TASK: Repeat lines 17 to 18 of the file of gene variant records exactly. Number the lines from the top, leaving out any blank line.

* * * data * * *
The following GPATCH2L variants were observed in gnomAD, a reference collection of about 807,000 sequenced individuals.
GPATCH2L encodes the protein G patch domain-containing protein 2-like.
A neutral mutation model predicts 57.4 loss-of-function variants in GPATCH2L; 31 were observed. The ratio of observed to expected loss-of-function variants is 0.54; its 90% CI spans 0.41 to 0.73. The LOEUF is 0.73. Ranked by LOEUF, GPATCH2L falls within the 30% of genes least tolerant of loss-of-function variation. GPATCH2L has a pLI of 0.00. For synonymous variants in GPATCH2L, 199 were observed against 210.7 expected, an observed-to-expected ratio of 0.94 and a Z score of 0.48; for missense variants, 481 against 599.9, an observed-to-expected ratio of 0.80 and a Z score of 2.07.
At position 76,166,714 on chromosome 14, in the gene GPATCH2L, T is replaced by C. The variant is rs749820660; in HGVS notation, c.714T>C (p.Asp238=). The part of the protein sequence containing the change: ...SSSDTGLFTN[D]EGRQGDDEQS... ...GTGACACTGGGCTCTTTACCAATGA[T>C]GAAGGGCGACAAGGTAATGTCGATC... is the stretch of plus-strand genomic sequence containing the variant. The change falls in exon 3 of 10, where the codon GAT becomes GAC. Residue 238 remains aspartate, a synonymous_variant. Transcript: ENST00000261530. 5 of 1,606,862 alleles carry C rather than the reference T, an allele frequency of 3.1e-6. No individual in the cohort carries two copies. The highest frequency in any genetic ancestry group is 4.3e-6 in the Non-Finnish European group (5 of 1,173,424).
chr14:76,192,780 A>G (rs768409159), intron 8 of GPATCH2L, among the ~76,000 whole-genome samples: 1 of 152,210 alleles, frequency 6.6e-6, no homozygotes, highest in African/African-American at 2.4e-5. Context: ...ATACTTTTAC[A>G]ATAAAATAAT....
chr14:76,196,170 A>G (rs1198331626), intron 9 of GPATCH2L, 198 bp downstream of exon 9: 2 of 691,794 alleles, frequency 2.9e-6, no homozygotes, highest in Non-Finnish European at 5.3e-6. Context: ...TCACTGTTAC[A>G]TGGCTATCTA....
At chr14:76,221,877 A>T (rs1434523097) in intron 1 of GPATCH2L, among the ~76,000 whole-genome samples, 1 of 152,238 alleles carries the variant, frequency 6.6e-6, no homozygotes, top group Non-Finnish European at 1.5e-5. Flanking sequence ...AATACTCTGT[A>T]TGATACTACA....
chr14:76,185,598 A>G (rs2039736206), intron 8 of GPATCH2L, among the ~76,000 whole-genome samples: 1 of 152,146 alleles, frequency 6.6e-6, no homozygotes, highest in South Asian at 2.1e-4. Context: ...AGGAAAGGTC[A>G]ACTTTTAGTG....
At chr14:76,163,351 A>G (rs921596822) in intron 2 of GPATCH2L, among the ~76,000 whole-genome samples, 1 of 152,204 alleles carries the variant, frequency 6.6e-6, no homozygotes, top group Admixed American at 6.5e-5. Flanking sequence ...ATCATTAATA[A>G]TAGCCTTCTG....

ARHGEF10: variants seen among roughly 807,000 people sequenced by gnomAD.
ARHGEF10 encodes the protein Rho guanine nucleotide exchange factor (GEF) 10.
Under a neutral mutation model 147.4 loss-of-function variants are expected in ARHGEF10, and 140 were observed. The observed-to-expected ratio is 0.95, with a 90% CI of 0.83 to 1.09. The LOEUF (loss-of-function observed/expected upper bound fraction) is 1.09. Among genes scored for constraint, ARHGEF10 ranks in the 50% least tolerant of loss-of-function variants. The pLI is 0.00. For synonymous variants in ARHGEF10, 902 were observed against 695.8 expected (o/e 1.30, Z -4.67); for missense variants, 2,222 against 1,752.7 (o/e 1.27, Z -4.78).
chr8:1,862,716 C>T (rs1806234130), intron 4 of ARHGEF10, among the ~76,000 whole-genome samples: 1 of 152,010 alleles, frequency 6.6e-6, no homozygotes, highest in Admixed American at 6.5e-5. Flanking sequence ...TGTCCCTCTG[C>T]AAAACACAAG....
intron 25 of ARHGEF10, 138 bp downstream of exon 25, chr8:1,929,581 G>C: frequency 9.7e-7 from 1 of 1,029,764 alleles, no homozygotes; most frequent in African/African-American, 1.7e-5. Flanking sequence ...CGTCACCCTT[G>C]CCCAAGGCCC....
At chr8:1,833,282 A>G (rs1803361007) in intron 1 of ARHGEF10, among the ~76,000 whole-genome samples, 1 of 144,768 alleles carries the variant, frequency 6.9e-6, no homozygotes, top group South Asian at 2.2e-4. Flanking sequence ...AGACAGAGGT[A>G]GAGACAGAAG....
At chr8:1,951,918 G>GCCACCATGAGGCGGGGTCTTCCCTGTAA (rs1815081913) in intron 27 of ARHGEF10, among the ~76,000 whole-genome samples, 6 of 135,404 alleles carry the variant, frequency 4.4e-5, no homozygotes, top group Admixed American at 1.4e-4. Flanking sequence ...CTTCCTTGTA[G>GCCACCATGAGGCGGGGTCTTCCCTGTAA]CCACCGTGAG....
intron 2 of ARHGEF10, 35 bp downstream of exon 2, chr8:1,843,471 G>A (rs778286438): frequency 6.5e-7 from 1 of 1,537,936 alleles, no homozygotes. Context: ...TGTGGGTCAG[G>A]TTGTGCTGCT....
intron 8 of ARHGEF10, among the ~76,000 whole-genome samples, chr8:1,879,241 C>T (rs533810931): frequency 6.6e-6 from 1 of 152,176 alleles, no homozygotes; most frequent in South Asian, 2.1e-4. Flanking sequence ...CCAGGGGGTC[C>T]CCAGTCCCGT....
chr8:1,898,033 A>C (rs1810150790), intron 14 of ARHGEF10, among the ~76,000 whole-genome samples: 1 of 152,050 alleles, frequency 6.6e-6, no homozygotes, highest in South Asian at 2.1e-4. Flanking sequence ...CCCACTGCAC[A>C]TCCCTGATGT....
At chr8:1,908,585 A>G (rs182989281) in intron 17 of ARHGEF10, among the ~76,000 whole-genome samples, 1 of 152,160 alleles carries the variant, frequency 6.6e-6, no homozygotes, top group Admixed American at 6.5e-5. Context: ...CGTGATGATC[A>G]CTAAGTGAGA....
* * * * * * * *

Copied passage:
intron 2 of ARHGEF10, 35 bp downstream of exon 2, chr8:1,843,471 G>A (rs778286438): frequency 6.5e-7 from 1 of 1,537,936 alleles, no homozygotes. Context: ...TGTGGGTCAG[G>A]TTGTGCTGCT....
intron 8 of ARHGEF10, among the ~76,000 whole-genome samples, chr8:1,879,241 C>T (rs533810931): frequency 6.6e-6 from 1 of 152,176 alleles, no homozygotes; most frequent in South Asian, 2.1e-4. Flanking sequence ...CCAGGGGGTC[C>T]CCAGTCCCGT....